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Herbs: Ignored Source of Revenue
Economy, Business And Markets

Herbs: Ignored Source of Revenue

Despite the fact that Iran is a major producer of herbs in the region, the industry remains somewhat low-profile. That is mainly because Iranian products are offered in loose packaging that carries no special brand. This, experts say, would make major suppliers reluctant to invest in the industry, and that very few companies have begun offering branded herbal products in recent years. In 2013, only two major companies accounted for 33% of total retail value sales, leaving the rest of the industry for a multitude of small manufacturers.

On September 29, Sourena Sattari, the vice president for science and technology and the head of the National Elites Foundation, pointed to the $100 billion global market of herbs, of which Iran only holds a tiny share of $450 million.
Addressing a ceremony held during an herbs exhibition in Tehran, the official acknowledged that those involved in the herbs industry had not made the best use of opportunities available so far.
Iran is among the countries with a climate appropriate for growing a wide range of herbs, many of which are unique in the world with high concentrations of phytochemicals. For instance, the country is the biggest global supplier of licorice, the root of glycyrrhiza glabra from which a somewhat sweet flavor can be extracted. It also dominates the global market for tragacanth. Acanthus and stinging nettle are also abundantly grown in northern Iran and are among the herbs with high global demands.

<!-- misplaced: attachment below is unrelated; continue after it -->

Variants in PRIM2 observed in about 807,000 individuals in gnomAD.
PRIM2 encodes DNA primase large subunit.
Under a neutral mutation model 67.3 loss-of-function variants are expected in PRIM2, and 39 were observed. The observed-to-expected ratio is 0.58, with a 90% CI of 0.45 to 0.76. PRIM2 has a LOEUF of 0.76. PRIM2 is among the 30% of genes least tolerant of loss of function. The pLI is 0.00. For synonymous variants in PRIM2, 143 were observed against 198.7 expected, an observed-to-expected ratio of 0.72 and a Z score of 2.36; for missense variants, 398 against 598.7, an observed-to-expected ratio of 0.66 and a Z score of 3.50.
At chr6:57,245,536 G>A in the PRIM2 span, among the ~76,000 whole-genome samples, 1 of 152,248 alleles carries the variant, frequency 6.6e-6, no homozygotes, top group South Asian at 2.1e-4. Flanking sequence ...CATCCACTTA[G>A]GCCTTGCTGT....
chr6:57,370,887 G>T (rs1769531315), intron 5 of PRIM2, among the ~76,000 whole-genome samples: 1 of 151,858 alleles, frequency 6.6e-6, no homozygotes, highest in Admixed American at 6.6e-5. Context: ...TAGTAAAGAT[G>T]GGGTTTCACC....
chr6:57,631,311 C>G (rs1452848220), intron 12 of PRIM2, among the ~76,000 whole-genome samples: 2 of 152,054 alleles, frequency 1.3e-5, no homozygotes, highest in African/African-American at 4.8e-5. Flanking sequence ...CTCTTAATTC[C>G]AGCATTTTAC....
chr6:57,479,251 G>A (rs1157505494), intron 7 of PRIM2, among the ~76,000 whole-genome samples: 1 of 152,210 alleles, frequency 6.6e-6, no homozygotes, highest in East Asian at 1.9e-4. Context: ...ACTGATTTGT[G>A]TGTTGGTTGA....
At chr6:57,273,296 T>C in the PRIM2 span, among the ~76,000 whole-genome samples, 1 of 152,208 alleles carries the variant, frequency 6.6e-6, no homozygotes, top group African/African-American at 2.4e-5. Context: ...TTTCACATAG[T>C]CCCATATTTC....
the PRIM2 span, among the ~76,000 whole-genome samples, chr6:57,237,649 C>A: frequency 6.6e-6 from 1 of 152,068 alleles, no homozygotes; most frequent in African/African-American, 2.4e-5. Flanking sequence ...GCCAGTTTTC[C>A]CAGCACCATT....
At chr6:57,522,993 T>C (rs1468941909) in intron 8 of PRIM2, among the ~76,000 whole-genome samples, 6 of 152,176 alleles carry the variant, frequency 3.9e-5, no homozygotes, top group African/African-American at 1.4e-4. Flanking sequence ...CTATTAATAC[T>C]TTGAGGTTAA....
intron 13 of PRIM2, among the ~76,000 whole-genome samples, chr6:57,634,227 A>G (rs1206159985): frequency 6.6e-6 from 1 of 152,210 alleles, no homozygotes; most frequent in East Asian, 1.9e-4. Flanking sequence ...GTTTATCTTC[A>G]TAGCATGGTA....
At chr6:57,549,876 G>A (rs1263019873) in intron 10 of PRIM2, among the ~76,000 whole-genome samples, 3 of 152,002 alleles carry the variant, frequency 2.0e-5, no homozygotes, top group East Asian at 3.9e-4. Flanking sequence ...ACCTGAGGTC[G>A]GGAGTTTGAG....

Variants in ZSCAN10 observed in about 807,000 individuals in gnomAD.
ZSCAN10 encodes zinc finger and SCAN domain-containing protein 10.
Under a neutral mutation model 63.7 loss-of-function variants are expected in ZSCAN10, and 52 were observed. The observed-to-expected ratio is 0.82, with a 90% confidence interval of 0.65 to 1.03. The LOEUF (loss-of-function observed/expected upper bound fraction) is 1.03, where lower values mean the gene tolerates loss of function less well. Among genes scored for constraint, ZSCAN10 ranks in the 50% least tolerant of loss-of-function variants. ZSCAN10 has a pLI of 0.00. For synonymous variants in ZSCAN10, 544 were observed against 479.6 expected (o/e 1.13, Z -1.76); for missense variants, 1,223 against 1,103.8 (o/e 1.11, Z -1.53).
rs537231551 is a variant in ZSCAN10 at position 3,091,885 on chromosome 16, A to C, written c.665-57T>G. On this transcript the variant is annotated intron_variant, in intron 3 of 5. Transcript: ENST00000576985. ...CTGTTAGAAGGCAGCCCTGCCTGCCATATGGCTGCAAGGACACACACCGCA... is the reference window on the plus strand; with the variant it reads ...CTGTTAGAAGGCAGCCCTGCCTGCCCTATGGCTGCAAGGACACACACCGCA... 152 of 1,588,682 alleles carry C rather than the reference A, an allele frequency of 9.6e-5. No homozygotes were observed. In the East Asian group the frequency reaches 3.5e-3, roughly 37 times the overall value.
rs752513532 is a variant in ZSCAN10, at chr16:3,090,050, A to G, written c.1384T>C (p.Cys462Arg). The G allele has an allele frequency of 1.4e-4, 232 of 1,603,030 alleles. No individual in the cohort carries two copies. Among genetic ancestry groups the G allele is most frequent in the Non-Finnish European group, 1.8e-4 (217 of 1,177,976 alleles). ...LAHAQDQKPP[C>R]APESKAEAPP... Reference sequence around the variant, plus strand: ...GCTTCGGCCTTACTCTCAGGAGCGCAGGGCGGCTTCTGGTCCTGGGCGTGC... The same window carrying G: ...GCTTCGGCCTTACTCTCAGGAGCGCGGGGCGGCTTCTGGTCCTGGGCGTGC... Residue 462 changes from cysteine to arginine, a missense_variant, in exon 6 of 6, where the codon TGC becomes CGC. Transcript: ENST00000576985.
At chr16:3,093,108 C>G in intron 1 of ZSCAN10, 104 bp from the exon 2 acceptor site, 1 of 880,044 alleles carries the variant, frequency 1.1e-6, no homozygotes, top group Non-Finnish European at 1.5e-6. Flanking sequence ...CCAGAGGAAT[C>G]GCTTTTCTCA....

On Thursday, Austrian Ambassador to Iran, Friedrich Stift, pointed to Iran’s great potential in producing and exporting herbs. The envoy also called for closer cooperation between his country and the big herbs growing provinces in Iran such as the western province of Lorestan.
With a 2,000-year background in traditional medicine and medicinal herbs, Iran’s medical approach has turned towards modern medical sciences since 200 years ago. But in recent years, academic research has once again proven the countless benefits of traditional cures and medicinal herbs.
Many Iranians still go to traditional herbal shops, known as Attari, for their maladies. Though herb production has enjoyed a relatively good domestic market, it has failed to find a fair share in the global market, the turnover of which grew from $355 million in 1976 to $51.5 billion in 2002. Experts forecast that developed countries like Japan, Germany, Switzerland, and Canada will import as much as $5 trillion of herbs by 2050.
With over 5,000 different types of herbs possible to be grown in Iran, the country produces only 170 species in the industrial scale, Mohammad Baqer Rezai, president of Iranian Medicinal Plants Society, said. However, Iran can be a serious rival for countries such as China. But, such a goal would be achievable if exporters offer their products in standard packaging.

 Health Challenges
In addition to packaging problems, Iranian herbs producers and exporters need to overcome other challenges as well. With the ever-increasing use of herbal medicines and the global expansion of the herbal medicines market, healthy production has become a major concern for both health authorities and the public in many countries. The World Health Organization (WHO) strategy on traditional medicines aims to protect consumers against various types of naturally occurring contaminants, radio nuclides, toxic metals and bacteria.
Currently, one third of all the medicines consumed across the world has vegetal origins and the trend to use herbal medicines is still increasing. In the US alone, some 300 million prescriptions were filled for herbal medicines last year, and more than one out of three Americans used herbs during the year, spending some $100 to cure diseases such as colds, burns, headaches, allergies, and insomnia.

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